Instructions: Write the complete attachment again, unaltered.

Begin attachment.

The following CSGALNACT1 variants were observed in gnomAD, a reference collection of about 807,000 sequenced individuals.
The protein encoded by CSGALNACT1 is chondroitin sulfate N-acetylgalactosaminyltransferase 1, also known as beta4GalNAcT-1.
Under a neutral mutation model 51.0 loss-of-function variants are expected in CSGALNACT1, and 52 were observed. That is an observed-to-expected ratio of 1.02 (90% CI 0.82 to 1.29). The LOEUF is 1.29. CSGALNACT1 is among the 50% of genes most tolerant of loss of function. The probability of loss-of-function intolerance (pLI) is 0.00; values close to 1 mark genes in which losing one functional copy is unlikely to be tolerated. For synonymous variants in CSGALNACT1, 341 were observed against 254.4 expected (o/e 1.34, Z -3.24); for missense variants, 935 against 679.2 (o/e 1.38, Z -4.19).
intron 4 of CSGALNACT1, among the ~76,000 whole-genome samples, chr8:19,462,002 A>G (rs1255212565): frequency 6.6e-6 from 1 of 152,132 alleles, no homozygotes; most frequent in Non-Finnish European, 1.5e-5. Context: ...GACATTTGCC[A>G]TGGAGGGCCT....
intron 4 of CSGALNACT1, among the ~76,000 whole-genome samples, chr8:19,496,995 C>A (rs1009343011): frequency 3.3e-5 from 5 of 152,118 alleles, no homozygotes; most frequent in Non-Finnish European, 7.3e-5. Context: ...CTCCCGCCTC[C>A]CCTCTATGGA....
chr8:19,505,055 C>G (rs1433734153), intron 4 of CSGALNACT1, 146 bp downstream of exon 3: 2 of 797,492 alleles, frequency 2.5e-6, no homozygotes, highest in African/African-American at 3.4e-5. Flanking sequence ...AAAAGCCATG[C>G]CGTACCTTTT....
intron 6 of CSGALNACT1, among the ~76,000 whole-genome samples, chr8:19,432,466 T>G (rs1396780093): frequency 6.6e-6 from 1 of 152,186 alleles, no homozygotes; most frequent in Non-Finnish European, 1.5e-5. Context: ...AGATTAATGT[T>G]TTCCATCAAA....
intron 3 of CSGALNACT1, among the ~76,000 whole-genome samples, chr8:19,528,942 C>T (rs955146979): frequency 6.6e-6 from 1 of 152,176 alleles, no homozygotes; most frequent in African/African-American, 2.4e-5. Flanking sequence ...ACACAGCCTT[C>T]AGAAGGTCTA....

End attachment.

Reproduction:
The following CSGALNACT1 variants were observed in gnomAD, a reference collection of about 807,000 sequenced individuals.
The protein encoded by CSGALNACT1 is chondroitin sulfate N-acetylgalactosaminyltransferase 1, also known as beta4GalNAcT-1.
Under a neutral mutation model 51.0 loss-of-function variants are expected in CSGALNACT1, and 52 were observed. That is an observed-to-expected ratio of 1.02 (90% CI 0.82 to 1.29). The LOEUF is 1.29. CSGALNACT1 is among the 50% of genes most tolerant of loss of function. The probability of loss-of-function intolerance (pLI) is 0.00; values close to 1 mark genes in which losing one functional copy is unlikely to be tolerated. For synonymous variants in CSGALNACT1, 341 were observed against 254.4 expected (o/e 1.34, Z -3.24); for missense variants, 935 against 679.2 (o/e 1.38, Z -4.19).
intron 4 of CSGALNACT1, among the ~76,000 whole-genome samples, chr8:19,462,002 A>G (rs1255212565): frequency 6.6e-6 from 1 of 152,132 alleles, no homozygotes; most frequent in Non-Finnish European, 1.5e-5. Context: ...GACATTTGCC[A>G]TGGAGGGCCT....
intron 4 of CSGALNACT1, among the ~76,000 whole-genome samples, chr8:19,496,995 C>A (rs1009343011): frequency 3.3e-5 from 5 of 152,118 alleles, no homozygotes; most frequent in Non-Finnish European, 7.3e-5. Context: ...CTCCCGCCTC[C>A]CCTCTATGGA....
chr8:19,505,055 C>G (rs1433734153), intron 4 of CSGALNACT1, 146 bp downstream of exon 3: 2 of 797,492 alleles, frequency 2.5e-6, no homozygotes, highest in African/African-American at 3.4e-5. Flanking sequence ...AAAAGCCATG[C>G]CGTACCTTTT....
intron 6 of CSGALNACT1, among the ~76,000 whole-genome samples, chr8:19,432,466 T>G (rs1396780093): frequency 6.6e-6 from 1 of 152,186 alleles, no homozygotes; most frequent in Non-Finnish European, 1.5e-5. Context: ...AGATTAATGT[T>G]TTCCATCAAA....
intron 3 of CSGALNACT1, among the ~76,000 whole-genome samples, chr8:19,528,942 C>T (rs955146979): frequency 6.6e-6 from 1 of 152,176 alleles, no homozygotes; most frequent in African/African-American, 2.4e-5. Flanking sequence ...ACACAGCCTT[C>T]AGAAGGTCTA....